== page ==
Updated: Feb 9
When we write or work on scripts for promotional films for businesses, schools and charities we find that clients will often be nervous about working from a script. Being able to perform a 3 minute script to camera whilst still varying the pitch, pace and pausing appropriately is a real skill.
For many years we have been breaking up scripts into each component sentence and occasionally even break longer sentences down further. This then allows those who are on screen to deliver each sentence in a more natural and interesting way.
As long as we pay attention to how we begin and end the sentences then when we get into the edit phase of production, we can splice each of the sentences together and layer some of the cut away shots, or B roll, over the top. Before long we have an entire film which sounds like it was delivered perfectly.
Working this way the on screen talent is more relaxed and confident making for a much more interesting film. Each sentence becomes an individual piece that they just need to deliver. If there is a mistake or fluff or verbal filler, then we only have to focus on capturing the current sentence.
We would often advise that giving the script a read before we get to filming will give the opportunity to make sure the script doesn’t have any parts which can be difficult or feel clumsy to say out loud. And can greatly reduce little mistakes, making the process sleeker and more efficient.
Occasionally we are asked whether the script can in fact just be created by asking a subject questions. This can be a risky way to make a film for both the film maker and the client, you never truly know what will be said, or if the way it is said may miss the message entirely. Also we tend to find there is a lot more vocal filler, pauses or problems – which can frustrate the on screen talent. One last problem that can arise from this style is that when in edit you may need other sentences to give context to the answer, meaning that you may in fact need extra time to make the point. Or you might not have the time to make the point fully or the subject didn’t answer in a way that you can use each sentence.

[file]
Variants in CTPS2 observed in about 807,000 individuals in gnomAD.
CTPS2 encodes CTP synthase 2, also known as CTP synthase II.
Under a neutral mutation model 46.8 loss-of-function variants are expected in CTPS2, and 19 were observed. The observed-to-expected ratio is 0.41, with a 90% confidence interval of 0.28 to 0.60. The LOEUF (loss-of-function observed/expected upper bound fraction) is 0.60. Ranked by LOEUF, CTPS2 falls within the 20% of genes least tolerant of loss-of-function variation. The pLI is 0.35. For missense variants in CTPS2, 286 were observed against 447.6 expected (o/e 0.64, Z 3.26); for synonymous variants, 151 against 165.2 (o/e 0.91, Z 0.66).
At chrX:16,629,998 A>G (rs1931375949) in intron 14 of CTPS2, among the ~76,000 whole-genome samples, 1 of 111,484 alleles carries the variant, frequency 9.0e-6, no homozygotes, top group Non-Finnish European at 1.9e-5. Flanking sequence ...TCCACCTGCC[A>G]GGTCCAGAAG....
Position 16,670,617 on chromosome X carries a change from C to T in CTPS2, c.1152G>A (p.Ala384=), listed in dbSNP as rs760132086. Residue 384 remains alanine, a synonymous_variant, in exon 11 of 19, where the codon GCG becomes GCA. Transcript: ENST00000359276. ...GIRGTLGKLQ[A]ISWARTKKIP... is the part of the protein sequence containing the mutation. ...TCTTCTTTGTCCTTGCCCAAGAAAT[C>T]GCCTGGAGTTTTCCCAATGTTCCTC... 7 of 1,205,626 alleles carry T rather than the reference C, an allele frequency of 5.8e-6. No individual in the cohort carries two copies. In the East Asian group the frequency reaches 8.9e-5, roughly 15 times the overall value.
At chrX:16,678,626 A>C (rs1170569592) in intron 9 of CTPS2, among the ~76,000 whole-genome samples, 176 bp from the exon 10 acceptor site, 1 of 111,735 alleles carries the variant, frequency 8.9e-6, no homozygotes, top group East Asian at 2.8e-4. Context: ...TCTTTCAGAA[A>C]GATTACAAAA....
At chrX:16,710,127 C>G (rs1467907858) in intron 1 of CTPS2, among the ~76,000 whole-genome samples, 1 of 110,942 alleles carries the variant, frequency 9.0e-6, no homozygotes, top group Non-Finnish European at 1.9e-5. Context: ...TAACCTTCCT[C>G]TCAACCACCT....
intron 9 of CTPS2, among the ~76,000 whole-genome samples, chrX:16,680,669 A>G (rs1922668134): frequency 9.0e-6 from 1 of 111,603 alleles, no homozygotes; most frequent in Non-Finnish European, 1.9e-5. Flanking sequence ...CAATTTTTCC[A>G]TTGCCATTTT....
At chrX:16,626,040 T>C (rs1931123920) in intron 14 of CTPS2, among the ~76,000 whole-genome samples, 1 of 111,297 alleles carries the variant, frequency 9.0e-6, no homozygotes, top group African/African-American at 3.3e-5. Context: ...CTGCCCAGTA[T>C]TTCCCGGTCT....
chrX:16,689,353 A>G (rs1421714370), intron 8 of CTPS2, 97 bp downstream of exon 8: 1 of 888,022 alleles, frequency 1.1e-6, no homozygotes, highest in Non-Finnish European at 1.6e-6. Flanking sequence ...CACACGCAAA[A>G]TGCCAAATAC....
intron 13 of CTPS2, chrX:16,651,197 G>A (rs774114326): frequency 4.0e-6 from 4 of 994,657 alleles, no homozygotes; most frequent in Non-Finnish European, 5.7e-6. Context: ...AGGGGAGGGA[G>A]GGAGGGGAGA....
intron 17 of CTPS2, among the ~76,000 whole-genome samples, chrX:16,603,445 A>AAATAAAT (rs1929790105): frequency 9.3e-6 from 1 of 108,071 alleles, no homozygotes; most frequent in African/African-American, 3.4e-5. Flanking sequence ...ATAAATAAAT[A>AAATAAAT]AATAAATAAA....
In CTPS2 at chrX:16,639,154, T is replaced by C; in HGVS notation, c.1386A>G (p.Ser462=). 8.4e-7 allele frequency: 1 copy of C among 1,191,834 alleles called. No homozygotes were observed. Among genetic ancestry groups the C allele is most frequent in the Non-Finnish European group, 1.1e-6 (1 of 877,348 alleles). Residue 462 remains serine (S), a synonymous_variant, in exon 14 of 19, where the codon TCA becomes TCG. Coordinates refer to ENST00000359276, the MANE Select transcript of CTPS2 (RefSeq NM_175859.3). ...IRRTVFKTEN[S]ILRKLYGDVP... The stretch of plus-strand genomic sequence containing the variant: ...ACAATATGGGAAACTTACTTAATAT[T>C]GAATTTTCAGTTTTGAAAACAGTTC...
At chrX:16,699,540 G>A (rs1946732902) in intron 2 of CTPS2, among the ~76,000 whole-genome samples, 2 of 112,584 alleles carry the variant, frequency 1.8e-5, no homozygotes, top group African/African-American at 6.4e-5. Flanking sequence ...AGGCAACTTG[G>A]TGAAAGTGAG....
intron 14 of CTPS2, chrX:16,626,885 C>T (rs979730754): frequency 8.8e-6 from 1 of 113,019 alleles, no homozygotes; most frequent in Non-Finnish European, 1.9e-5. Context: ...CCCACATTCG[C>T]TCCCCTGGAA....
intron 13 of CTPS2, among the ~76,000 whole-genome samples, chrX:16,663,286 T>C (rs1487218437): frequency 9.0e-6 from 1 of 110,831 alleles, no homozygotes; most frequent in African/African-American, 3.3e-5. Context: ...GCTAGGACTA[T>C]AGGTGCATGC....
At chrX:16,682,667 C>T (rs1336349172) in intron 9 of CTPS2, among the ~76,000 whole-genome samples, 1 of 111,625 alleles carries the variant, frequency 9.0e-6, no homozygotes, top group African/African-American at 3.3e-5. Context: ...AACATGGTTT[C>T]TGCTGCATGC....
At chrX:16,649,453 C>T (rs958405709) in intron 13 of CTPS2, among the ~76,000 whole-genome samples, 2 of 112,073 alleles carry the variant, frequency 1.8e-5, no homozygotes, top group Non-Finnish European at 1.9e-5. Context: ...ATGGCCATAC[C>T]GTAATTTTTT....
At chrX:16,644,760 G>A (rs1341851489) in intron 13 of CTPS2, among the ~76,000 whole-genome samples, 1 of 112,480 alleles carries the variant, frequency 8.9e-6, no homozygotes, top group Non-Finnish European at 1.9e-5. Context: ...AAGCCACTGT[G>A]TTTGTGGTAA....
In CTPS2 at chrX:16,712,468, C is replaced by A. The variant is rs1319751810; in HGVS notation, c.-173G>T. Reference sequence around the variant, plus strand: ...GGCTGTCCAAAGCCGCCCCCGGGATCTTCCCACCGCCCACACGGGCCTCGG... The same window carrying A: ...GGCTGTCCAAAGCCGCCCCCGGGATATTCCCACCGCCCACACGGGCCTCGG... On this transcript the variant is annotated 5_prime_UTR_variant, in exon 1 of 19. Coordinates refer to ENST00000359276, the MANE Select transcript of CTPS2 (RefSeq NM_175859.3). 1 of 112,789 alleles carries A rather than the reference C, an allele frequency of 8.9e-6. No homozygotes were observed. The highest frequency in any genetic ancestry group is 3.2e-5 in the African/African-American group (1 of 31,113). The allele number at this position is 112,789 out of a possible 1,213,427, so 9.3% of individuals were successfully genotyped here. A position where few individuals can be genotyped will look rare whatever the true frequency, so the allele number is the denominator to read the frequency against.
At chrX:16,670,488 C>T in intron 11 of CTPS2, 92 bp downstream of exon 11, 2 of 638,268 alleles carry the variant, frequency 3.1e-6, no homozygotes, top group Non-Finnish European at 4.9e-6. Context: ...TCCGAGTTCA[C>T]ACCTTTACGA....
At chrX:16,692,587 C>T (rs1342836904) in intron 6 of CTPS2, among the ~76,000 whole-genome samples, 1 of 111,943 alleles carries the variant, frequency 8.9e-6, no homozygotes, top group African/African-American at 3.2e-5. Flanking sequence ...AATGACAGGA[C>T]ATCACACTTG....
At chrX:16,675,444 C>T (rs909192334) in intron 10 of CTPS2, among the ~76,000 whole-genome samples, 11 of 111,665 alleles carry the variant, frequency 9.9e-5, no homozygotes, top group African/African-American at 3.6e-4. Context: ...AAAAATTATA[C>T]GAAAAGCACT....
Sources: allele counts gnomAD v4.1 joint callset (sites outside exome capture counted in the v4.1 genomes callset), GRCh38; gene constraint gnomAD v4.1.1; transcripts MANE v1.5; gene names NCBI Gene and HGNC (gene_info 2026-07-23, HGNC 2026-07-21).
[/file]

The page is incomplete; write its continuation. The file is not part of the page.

For both of these styles it is very important for us to be able to capture a real variety of shots, to make sure we have lots of options to cut away to in between the sentences. Even more so in the question base scenario as you never know when you would need to cut away, or patch something in edit.
As a third option if a long script needs to be delivered in its entirety and there are very little options to cut away to, then we do have a teleprompter and can make sure that the talent can then read the script to camera. We generally find that after practicing a few times they will be able to bring the script to life and read it in a more interesting and engaging way.
So the answer to the original question is no. When working off a script our crew can read each sentence one at a time or the subject could work from the teleprompter or you could just ask questions. In any case we will often capture the content several times for safety (in case there is a car, or door slam or some stray sound in the background).